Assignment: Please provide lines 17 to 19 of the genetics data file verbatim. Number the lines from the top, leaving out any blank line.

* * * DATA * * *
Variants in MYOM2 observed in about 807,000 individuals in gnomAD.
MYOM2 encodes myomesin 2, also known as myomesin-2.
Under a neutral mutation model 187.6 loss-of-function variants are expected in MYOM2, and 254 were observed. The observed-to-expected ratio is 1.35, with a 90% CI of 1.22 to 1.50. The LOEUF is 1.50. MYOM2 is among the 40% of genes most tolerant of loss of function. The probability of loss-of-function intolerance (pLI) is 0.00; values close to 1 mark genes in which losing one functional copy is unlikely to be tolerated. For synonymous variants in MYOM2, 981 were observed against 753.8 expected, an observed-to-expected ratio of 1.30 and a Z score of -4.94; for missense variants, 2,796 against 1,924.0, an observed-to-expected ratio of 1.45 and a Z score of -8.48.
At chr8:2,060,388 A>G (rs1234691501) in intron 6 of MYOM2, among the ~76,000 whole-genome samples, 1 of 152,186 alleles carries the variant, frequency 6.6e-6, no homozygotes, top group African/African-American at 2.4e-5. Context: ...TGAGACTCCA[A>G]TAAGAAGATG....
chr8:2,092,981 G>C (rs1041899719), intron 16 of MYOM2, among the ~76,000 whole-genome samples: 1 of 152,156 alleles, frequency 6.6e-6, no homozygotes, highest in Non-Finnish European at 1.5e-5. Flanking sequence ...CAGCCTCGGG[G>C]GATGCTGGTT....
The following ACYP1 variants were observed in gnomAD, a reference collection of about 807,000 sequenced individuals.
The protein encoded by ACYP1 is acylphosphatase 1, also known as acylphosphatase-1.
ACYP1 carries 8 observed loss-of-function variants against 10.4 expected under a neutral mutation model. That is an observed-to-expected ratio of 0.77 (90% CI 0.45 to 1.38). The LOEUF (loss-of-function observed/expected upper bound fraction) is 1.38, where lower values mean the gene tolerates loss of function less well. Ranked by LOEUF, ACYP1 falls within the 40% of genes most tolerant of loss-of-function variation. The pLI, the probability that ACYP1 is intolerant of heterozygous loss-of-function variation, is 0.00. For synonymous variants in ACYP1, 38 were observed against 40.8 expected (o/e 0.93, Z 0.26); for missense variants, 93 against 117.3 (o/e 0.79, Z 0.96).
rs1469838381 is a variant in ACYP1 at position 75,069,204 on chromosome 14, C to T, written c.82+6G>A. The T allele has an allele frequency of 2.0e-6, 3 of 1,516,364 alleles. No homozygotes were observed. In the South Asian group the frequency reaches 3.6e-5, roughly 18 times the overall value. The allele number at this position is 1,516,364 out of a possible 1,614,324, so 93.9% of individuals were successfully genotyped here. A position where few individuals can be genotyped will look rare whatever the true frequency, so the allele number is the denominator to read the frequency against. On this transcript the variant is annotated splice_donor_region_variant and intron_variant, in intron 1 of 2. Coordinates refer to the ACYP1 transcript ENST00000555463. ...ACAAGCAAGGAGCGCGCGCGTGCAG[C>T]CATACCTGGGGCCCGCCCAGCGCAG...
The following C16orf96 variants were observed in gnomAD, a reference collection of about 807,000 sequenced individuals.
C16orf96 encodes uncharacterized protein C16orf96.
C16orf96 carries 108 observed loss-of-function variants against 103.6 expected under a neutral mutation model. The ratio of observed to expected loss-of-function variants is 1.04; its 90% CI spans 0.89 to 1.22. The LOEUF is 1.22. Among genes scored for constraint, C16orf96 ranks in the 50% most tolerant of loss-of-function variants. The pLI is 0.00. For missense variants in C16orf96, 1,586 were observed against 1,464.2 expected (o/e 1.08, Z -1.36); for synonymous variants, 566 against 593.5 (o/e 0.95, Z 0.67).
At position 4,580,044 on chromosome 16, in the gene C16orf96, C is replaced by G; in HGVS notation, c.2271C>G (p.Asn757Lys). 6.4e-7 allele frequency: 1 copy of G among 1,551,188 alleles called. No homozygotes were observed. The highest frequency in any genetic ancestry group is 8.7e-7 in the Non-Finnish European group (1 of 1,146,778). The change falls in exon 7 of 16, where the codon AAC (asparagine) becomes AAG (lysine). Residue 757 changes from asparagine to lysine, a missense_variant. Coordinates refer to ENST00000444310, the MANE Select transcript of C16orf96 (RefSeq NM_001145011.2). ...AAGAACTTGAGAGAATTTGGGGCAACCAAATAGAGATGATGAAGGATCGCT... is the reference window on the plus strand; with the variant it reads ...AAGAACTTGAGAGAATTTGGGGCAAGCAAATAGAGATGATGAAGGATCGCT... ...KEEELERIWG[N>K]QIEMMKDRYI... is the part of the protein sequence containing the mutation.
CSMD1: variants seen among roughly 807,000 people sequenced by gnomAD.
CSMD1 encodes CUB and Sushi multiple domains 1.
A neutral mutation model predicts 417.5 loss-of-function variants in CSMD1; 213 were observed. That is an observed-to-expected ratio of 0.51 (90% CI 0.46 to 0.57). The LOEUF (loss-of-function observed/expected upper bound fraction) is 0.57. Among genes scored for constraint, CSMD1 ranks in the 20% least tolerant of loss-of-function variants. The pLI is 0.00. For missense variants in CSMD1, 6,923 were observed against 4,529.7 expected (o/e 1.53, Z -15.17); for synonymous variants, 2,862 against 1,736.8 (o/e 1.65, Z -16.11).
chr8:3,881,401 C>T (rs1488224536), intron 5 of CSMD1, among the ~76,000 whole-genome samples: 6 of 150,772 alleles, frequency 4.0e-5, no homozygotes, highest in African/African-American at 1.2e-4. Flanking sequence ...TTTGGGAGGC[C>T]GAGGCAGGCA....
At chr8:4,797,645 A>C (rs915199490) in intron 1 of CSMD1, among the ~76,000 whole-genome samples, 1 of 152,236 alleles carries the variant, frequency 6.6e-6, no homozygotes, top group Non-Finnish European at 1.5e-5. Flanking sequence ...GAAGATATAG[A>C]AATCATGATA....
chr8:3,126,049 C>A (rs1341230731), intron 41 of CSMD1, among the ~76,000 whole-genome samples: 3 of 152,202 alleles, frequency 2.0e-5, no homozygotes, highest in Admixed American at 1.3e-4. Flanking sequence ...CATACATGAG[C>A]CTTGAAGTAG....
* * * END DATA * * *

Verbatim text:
chr8:3,881,401 C>T (rs1488224536), intron 5 of CSMD1, among the ~76,000 whole-genome samples: 6 of 150,772 alleles, frequency 4.0e-5, no homozygotes, highest in African/African-American at 1.2e-4. Flanking sequence ...TTTGGGAGGC[C>T]GAGGCAGGCA....
At chr8:4,797,645 A>C (rs915199490) in intron 1 of CSMD1, among the ~76,000 whole-genome samples, 1 of 152,236 alleles carries the variant, frequency 6.6e-6, no homozygotes, top group Non-Finnish European at 1.5e-5. Flanking sequence ...GAAGATATAG[A>C]AATCATGATA....
chr8:3,126,049 C>A (rs1341230731), intron 41 of CSMD1, among the ~76,000 whole-genome samples: 3 of 152,202 alleles, frequency 2.0e-5, no homozygotes, highest in Admixed American at 1.3e-4. Flanking sequence ...CATACATGAG[C>A]CTTGAAGTAG....